The CEO's points about owners and the global economy are right on, but that doesn't make his circumstance right.
Calls for a boycott of the Dorchester Collection‘s 10 hotels, over its owner’s links to the rulers of Brunei, have affected bookings, the firm has said.
The hotel group, which runs 10 properties around the world, including three in Britain, is currently the focus of a worldwide boycott by several prominent celebrities over its ties to the sultanate of Brunei, which recently imposed a series of harsh new Islamic laws that increase the punishment for homosexuality from a 10-year prison sentence to death by stoning. The Dorchester Collection is owned by the Brunei Investment Agency, an arm of Brunei’s finance ministry.
This week Sir Richard Branson became the latest to lend his support to the boycott; other notable backers include Ellen DeGeneres and Jay Leno, the American chat-show hosts, and Stephen Fry.
But Christopher Cowdray, chief executive of Dorchester Collection, today released a statement touting the firm’s “core values of integrity, equality and diversity”, adding that “European companies across the board are funded by foreign investment, including Sovereign Wealth Funds.”
“While we recognise people’s concerns, we believe this boycott should not be directed to our hotels and dedicated employees,” he said. “ The economic impact of this not only affects our loyal team members but extends to the local community, our valued partners and suppliers.
“Today’s global economy needs to be placed in a broader perspective. Most of us are not aware of the investors behind the brands that have become an integral part of our everyday life, from the petrol we put in our cars, to the clothes we wear, to the way we use social media, and to the hotels we frequent. Our reputation, which has been built on service and integrity, speaks for itself. We do not tolerate any form of discrimination, we never have and we never will. Our policies are far removed from the politics of ownership.”
A spokeswoman for the Dorchester Collection admitted that the boycott had led to a drop bookings. The company’s three British hotels are The Dorchester and 45 Park Lane – both in London – and Coworth Park near Ascot. It also owns The Beverly Hills Hotel in Los Angeles and Le Meurice in Paris.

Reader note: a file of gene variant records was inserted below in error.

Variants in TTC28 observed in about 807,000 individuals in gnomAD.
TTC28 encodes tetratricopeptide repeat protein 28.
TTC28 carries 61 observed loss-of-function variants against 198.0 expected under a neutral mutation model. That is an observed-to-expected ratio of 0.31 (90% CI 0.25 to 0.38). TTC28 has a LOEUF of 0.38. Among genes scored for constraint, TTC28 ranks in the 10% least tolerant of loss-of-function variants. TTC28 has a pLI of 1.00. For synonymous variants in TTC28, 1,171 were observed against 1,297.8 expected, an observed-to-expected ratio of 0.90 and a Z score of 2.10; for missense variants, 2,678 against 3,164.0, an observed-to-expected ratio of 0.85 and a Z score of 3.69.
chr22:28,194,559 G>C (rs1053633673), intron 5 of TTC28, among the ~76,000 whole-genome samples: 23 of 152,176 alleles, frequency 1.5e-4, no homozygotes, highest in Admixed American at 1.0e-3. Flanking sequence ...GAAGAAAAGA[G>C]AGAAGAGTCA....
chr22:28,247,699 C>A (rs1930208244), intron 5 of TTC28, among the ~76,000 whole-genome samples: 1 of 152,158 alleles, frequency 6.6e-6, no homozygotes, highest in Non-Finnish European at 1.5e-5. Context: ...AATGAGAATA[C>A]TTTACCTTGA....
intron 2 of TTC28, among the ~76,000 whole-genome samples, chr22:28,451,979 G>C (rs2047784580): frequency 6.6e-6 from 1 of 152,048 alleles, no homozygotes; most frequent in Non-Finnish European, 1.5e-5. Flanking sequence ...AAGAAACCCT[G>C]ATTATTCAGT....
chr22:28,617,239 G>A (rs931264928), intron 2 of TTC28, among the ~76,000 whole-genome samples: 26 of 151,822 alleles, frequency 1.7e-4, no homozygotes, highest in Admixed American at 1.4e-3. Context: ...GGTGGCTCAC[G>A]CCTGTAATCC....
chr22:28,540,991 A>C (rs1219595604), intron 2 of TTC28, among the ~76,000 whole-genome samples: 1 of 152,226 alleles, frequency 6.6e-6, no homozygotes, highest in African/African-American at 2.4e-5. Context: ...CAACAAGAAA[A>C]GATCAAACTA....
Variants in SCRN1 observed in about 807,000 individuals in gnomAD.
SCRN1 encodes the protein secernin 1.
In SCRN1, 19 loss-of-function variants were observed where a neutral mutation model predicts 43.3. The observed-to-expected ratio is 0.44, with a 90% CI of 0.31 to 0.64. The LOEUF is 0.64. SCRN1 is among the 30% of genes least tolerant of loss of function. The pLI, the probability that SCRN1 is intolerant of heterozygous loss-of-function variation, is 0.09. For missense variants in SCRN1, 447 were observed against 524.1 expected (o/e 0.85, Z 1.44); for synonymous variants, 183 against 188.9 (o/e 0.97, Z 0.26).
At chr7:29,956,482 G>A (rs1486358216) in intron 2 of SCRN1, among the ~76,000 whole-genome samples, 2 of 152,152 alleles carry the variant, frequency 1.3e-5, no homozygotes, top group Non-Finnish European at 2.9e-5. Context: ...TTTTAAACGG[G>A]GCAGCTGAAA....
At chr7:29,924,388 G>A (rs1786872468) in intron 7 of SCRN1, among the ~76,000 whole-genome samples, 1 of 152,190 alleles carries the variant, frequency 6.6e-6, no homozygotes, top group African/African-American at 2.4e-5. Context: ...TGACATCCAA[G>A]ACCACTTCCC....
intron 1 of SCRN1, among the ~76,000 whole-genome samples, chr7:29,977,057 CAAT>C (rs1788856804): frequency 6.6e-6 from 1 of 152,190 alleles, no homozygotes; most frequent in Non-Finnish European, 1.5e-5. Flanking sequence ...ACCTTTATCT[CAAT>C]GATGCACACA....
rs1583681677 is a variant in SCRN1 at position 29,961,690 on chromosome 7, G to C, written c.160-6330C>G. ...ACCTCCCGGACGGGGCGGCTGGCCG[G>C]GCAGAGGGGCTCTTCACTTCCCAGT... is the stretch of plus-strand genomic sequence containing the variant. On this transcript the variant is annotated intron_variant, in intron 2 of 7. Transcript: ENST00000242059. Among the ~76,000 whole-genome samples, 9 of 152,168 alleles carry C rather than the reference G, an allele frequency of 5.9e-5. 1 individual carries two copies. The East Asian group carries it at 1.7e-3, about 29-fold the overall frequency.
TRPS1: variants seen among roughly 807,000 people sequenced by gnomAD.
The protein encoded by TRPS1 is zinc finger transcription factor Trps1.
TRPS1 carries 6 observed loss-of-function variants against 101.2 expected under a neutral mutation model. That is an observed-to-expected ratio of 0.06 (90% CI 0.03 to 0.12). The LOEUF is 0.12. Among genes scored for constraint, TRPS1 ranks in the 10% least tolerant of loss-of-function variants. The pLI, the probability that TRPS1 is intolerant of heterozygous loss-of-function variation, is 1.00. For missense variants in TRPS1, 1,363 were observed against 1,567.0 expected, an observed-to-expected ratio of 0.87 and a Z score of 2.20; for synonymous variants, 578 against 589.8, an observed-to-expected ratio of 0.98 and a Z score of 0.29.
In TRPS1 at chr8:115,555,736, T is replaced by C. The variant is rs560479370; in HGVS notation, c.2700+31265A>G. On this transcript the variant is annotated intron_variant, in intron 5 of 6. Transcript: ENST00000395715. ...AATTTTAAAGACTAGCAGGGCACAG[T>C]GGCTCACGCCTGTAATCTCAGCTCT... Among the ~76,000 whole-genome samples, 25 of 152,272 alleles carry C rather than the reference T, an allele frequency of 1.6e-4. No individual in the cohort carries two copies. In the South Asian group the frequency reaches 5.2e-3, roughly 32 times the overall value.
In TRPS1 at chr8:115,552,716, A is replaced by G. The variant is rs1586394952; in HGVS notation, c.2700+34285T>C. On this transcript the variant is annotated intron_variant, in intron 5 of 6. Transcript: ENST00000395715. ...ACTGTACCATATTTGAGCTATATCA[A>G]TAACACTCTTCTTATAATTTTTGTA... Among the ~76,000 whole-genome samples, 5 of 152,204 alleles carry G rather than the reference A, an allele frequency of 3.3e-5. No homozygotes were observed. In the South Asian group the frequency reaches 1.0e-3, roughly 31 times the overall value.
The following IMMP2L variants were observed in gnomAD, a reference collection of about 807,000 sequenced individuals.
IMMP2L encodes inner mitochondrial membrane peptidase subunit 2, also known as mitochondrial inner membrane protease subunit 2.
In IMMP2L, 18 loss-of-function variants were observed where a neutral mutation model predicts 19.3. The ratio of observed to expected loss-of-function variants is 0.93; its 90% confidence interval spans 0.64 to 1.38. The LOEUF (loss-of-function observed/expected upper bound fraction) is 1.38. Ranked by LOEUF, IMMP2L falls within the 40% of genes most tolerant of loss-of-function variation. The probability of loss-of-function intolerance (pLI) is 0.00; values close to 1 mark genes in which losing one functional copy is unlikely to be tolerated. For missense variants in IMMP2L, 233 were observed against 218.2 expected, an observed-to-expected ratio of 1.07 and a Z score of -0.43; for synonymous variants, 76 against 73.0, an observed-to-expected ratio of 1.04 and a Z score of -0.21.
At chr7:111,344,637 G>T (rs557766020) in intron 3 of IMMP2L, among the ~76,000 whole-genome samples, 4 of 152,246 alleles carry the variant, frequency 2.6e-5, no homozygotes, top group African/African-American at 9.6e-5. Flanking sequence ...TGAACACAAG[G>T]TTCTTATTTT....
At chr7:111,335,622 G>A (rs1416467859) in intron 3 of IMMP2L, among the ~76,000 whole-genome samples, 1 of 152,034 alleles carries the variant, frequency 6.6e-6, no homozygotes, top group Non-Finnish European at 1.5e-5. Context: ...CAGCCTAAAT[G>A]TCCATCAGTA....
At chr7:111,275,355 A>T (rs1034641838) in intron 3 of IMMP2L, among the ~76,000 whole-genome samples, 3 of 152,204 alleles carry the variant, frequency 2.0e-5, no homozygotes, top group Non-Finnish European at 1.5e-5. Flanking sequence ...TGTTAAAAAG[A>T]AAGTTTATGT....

Four More Travel Boycotts
SeaWorld – The Whale and Dolphin Conservation has led a recent campaign against theme parks such as SeaWorld over their treatment of animals. Tour operators, including Virgin Holidays, have been urged to stop selling trips to the attractions.
Botswana – Survival International, which campaigns for the rights of indigenous tribal peoples, has long criticised the Botswana government for its treatment of the country’s Bushmen. Its calls for travellers to boycott Botswana have had a limited impact, but last year several tour operators lent their support.
Maldives – An online campaign urging tourists to boycott the Maldives received the backing of more than two million people last year. It followed the sentencing of a 15-year-old rape victim to 100 lashes for premarital sex. Other groups called for travellers to steer clear of the tourism-dependent archipelago after former president Mohamed Nasheed, the country’s first democratically-elected leader, was overthrown in February 2012.
Burma – For many years travellers were told by campaign groups to leave Burma off their itineraries, due to the oppression of its people by the military junta. That changed in 2009 when Aung San Suu Kyi dropped her opposition to tourism to Burma.
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Photo Credit: People protest outside the Beverly Hills Hotel, which is owned by the Sultan of Brunei. Jonathan Alcorn / Reuters
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